A passel of rising indie horror helmers and writers, plus a couple of talents new to the genre, put several spins on found-footage fright in “V/H/S.” Omnibus feature brings energy and diverse story ideas to the subgenre kickstarted by “The Blair Witch Project” and kept commercially viable these days by “Paranormal Activity” sequels, but the segments vary in quality and the whole overstays its welcome at nearly two hours. Some trimming (perhaps relegating a weaker episode to a DVD extra) would increase theatrical chances, though inevitably this ode to the videocassette will reach most of its fanboy aud via home formats.
Wraparound thread is introduced with four twenty-something louts (Adam Wingard, Calvin Reeder, Kentucker Audley, Lane Hughes) going about their everyday business, which consists of playing mean pranks, vandalizing, robbing residences and pulling other stunts they dutifully tape for their own beery amusement. They also anonymously post the evidence online.
A mystery “fan” hires them to break into a house and steal a videocassette, saying only, “You’ll know it when you see it.” But upon entering the premises, they find it’s full of VHS tapes, as well as an older man who apparently expired some days ago in front of several TV monitors. While others search the rest of the building, each perp watches one of the cassettes, which constitute the films within the film.
First and best is “Amateur Night” by David Brucker, also a writing-directing contributor to 2007’s ingenious horror omnibus “The Signal.” With visuals as wildly unsteady as its party-hearty protags, the pic follows three frat types (Drew Sawyer, Mike Donlan, Joe Sykes) out on the town, intending to make some stealth porn using spy-cam eyeglasses. Umpteen drinks later, they land in a hotel room with one passed-out cutie and another (wide-eyed Hannah Fierman) who is a little … off. This rocket ride toward Planet Succubus is a bloody slam dunk.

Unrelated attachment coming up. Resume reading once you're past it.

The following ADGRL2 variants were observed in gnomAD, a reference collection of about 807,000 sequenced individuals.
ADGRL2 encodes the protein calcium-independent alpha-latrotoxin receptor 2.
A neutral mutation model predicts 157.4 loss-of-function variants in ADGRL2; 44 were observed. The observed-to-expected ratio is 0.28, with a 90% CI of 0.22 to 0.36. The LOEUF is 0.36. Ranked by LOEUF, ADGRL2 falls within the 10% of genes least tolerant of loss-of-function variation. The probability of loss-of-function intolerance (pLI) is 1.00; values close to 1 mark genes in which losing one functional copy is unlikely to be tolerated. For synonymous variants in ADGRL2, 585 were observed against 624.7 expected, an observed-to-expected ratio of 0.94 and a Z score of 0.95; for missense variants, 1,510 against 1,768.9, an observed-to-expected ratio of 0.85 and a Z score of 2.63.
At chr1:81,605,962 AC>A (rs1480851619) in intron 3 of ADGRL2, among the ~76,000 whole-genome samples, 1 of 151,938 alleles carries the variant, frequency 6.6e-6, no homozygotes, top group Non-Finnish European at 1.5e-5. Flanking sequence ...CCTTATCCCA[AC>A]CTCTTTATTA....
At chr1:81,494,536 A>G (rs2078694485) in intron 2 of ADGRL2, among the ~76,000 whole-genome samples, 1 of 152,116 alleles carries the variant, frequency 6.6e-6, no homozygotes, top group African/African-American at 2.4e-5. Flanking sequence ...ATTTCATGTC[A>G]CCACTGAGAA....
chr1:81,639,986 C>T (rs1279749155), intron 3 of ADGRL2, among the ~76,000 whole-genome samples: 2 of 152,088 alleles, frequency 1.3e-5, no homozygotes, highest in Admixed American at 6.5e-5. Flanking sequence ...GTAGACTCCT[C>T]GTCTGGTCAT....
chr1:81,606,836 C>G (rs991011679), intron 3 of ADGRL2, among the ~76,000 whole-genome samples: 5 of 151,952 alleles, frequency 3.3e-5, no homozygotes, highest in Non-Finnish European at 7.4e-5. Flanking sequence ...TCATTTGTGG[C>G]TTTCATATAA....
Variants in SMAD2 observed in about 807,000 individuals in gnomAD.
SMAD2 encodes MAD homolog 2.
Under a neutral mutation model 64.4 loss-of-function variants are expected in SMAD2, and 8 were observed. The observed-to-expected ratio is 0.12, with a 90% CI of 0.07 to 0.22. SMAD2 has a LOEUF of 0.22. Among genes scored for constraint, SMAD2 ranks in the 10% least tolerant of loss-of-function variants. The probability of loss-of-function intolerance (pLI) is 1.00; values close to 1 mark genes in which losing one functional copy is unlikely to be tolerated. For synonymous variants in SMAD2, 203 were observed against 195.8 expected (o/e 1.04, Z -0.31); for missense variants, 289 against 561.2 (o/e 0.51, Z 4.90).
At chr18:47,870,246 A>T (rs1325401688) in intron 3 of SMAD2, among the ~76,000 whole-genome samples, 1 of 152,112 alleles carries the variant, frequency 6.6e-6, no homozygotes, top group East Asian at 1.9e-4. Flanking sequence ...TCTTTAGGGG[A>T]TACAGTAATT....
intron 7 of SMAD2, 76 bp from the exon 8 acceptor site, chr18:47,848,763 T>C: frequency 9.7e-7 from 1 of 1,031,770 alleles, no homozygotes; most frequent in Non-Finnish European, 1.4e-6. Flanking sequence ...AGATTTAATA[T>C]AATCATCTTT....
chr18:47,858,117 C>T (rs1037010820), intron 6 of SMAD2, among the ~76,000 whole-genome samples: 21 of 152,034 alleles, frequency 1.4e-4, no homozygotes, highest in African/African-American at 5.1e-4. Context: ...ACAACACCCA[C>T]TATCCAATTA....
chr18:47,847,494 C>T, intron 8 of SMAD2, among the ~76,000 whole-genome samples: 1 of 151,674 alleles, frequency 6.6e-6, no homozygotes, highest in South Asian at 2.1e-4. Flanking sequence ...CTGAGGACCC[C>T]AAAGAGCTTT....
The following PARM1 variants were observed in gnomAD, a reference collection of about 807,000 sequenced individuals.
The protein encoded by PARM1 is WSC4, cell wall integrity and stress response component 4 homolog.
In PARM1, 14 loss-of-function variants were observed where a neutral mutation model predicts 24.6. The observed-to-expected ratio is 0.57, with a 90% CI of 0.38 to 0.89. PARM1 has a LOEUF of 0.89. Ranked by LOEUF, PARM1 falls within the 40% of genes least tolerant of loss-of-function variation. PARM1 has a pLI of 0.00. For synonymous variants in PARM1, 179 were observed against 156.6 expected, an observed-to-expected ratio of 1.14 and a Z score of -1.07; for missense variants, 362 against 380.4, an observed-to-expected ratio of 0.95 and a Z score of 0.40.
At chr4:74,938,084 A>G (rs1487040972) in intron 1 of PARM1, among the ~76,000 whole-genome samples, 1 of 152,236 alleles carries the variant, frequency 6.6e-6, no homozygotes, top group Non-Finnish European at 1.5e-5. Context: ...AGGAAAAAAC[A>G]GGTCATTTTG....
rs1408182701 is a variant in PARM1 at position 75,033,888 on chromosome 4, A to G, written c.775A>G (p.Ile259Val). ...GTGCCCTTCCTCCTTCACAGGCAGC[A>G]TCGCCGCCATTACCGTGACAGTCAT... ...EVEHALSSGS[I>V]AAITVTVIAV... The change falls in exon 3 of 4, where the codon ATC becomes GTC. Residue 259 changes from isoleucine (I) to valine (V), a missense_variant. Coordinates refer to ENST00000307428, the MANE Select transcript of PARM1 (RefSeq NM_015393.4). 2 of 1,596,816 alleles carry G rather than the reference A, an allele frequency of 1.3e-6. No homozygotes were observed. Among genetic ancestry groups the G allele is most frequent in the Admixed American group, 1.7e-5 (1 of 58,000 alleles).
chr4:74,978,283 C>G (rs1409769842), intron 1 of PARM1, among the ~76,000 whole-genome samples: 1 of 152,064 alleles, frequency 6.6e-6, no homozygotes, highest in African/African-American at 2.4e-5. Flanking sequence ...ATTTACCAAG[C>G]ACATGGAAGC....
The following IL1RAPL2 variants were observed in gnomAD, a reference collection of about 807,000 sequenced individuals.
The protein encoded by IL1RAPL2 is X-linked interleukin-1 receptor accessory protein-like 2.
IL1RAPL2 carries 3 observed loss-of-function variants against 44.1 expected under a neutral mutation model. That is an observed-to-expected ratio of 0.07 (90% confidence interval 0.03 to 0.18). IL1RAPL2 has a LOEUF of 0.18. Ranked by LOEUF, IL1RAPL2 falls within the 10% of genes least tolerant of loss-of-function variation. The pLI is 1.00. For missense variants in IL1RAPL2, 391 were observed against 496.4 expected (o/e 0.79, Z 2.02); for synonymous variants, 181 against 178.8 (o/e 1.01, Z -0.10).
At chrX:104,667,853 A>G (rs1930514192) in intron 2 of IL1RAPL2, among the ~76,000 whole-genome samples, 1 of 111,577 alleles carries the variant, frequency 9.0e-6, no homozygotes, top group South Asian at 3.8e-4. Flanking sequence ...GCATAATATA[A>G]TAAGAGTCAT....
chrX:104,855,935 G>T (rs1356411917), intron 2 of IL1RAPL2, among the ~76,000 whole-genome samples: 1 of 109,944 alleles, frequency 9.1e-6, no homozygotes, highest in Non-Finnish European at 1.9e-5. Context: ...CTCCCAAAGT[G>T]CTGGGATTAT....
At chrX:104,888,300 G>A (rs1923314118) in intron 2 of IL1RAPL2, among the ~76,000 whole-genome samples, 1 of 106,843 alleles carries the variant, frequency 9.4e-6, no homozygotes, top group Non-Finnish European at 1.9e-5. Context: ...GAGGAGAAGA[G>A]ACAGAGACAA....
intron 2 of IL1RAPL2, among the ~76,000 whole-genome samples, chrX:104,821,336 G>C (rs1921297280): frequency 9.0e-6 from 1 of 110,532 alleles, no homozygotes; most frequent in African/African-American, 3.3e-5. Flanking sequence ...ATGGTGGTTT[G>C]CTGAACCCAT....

Ti West (“House of the Devil,” “The Innkeepers”) goes for a slower, creepier vibe with “Second Honeymoon,” in which an ordinary young couple (Joe Swanberg, Sophia Takal) on a Southwest road trip is trailed by a malevolent stranger. There’s something undeniably chilling about sleeping people being filmed unawares by an intruder, though the tale’s resolution is inane.
Weakest link is “Tuesday the 17th” by Ireland’s Glenn McQuaid (“I Sell the Dead”). Though it has a visually cool menace in a phantom identified as “the Glitch” (for the effect it has on videotape), this tale of four teens traipsing out to the site of a long-ago lakeside slaughter is routine slasher fodder.
Swanberg and scenarist Simon Barrett’s “The Sick Thing That Happened to Emily When She Was Younger” diverges from the project’s overall shaky-cam aesthetic. Pic plays out mostly as a series of Skype-type chats between long-distance lovers, as Emily (Helen Rogers) complains of physical ailments and ghostly disturbances to medical student James (Daniel Kaufmann). There’s a good, insidious twist, although plenty of questions are left hanging.
In “10/31/98,” members of the Los Angeles-based online-comedy-shorts collective Radio Silence are cast as yet another loutish young male quartet out for alcoholic fun — this time in costume at a far-flung Halloween party. The most f/x-laden episode of the bunch, this energetic seg would play better if the viewer weren’t suffering faux-found-footage fatigue by that point.
Perfs are generally good, production values and design aspects smart (esp. in terms of videotape rolling and glitching). Astute audio contributions allow for an ominous rumble to disrupt the found-sound concept when things get unpleasant.